We use the boxes as containers for keepsakes given to the parents of infants who die at the hospital. We place in them items such as footprints, photos, blankets and small stuffed animals, which are often the only tangible reminders the families will have of their child.
The boxes we received are beautiful and an ideal size. Our volunteers decorate the box covers, allowing us to incorporate names, dates and footprints, creating a remembrance for the parents to keep forever.
Today's news is filled with the horrible, unthinking things that people do to one another. I know that those people are in the minority, but they often reach the public notice. It is very gratifying to know there are so many willing to go out of their way to share resources, time, expense and empathy with strangers in their time of need. Your readers are proof that there are many good people in this country. I am grateful to have come in contact with citizens from all over the United States who have responded so unselfishly to our needs.
Editor's response: Thank you for your kind letter. I also want to thank the readers of Cigar Aficionado. If you can keep using the boxes, we'll keep sending them. Here is the address again for anyone interested in sending boxes: Patricia A. Reynolds, R.N., 11041 North 41st Place, Phoenix, Arizona 85028.
* * *
My 5'8", buxom, model-gorgeous blonde girlfriend is smoking a beautiful Havana cigar. There is a story behind her cigar. It is the story of love and destiny--two things I didn't have the greatest belief in before I met Lisa.
I now believe that I am one of the most fortunate guys in the world. As of fall 1994, I would never have made such a statement. Although I was only 30 years old, I had already amassed what I now consider a long and impressive list of sad accomplishments: many miserable years of studying in higher education, several years of endless workdays and worknights in one of the largest and most oppressive (i.e., prestigious) law firms in Manhattan, one marriage, one divorce, type I juvenile diabetes, an increasingly life-threatening drinking habit, a string of meaningless relationships--I think you get my drift. Despite the high-end culture that all my hard-earned money could afford, I had become a personification of the colloquialism "Money can't buy happiness."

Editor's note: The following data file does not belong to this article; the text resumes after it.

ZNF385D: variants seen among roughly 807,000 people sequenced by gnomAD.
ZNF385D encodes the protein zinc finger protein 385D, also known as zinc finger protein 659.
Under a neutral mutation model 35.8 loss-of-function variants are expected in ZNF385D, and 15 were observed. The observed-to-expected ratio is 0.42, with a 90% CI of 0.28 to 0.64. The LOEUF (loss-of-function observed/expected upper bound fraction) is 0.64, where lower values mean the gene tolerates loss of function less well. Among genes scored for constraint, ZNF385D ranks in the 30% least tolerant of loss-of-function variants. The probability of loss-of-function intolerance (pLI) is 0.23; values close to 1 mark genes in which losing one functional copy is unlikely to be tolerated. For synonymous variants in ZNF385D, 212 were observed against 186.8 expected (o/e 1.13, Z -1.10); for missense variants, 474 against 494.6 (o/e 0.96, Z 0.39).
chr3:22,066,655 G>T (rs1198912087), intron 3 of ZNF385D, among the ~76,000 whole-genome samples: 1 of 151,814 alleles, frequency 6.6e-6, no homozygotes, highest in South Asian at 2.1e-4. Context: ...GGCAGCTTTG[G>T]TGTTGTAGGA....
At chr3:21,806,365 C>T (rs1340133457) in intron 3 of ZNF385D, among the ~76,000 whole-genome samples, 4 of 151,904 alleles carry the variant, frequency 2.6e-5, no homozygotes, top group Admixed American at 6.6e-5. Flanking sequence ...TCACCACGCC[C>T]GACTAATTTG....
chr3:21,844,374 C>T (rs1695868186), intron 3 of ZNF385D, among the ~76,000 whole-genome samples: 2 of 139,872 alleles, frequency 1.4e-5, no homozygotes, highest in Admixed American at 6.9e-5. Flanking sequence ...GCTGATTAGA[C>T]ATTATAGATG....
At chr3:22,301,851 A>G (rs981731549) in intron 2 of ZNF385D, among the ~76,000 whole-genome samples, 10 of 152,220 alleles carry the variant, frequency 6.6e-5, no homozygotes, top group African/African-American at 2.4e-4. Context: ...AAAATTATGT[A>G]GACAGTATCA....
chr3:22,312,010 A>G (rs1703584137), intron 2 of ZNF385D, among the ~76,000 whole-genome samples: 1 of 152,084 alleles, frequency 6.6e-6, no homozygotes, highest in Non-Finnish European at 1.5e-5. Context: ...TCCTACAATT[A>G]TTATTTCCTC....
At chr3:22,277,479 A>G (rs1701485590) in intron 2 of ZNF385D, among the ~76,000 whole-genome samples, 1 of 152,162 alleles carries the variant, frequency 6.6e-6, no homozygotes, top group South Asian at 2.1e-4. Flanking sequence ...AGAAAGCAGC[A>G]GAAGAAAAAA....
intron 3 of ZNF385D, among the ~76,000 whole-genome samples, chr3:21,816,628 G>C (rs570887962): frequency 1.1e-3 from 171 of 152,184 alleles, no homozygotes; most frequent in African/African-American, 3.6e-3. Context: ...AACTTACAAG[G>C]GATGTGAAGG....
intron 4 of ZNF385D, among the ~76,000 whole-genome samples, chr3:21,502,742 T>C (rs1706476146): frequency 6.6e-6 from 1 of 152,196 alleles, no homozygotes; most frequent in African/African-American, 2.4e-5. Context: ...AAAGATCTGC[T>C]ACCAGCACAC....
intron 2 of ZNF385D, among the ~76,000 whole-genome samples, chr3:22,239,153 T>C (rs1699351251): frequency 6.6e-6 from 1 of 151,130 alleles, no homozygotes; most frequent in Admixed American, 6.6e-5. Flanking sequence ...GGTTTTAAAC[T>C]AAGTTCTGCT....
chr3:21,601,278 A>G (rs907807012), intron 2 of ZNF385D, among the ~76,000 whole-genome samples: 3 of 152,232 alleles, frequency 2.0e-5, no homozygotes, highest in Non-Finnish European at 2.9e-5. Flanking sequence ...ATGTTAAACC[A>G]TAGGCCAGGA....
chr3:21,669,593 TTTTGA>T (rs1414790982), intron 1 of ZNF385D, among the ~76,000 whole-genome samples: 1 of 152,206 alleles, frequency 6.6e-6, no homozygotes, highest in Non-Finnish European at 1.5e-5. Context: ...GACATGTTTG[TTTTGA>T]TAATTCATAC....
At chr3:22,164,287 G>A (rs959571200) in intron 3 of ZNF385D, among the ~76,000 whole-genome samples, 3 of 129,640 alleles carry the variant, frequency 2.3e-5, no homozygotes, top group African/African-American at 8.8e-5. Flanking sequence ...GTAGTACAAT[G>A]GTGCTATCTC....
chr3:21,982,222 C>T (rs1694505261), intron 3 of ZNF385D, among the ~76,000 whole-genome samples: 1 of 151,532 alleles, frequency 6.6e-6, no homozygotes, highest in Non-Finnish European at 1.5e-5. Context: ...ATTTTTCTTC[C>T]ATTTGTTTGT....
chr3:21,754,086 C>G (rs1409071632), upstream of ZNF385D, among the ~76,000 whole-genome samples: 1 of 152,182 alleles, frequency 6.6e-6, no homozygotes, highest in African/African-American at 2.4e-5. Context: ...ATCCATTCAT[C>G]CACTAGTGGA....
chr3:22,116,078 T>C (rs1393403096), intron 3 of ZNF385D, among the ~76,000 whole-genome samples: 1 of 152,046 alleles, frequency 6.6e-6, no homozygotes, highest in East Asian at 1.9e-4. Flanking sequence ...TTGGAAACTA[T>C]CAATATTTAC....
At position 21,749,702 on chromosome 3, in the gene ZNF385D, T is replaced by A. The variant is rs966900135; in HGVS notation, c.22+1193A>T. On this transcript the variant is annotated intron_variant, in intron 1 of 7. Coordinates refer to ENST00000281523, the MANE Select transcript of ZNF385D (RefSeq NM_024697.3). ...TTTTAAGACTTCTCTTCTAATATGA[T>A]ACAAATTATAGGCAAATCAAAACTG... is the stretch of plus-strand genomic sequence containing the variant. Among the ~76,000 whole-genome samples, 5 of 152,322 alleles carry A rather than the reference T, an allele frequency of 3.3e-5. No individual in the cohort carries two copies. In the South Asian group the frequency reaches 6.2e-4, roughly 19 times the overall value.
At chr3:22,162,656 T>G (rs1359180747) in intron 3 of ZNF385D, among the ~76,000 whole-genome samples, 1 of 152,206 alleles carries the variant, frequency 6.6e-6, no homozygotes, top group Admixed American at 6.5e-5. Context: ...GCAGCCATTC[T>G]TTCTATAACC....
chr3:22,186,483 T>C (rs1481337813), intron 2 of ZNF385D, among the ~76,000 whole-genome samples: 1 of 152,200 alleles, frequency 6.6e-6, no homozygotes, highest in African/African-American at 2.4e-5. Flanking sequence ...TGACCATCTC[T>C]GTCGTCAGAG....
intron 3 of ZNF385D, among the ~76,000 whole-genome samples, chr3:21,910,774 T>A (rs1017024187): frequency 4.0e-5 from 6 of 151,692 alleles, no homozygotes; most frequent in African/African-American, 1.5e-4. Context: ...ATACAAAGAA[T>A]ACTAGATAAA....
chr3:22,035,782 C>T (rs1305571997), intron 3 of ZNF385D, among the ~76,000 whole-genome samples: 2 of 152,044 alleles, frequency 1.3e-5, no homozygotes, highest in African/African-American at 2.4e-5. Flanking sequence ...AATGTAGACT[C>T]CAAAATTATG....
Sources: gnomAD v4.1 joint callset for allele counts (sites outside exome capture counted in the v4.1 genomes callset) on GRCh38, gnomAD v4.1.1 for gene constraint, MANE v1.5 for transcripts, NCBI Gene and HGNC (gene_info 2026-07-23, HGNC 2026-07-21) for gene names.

On paper, I was esteemed as a role model; in reality, I was miserable. I was alive, but clearly not appreciating the very joy and gift of life itself.
About this time last fall while I was dwelling in emotional bankruptcy, my firm offered to send me up to Cornell University in Ithaca, New York, to recruit some students who would graduate soon. Although it was only for the day, any excuse to get out of "The Firm" was a welcome one (I hadn't taken a vacation in over 18 months).
I interviewed 25 students in one day --individually, one after the other. My allotted 30-minute lunch break quickly dwindled to 15 minutes; I went to a sandwich shop in Collegetown, and as luck (or destiny) would have it, I ended up sharing a table with an elderly Cornell professor.
For 15 minutes, the professor and I had quite a fascinating exchange. He was a rocket scientist, conversant in over a dozen languages, extraordinarily well-traveled, and to quote his business card, a "Professor of Applied Physics and Electrical Engineering, Condensed-Matter Physics, Kinetic Theory Applied Mathematics, Astrophysics"! He is also a world-renowned expert on quantum mechanics!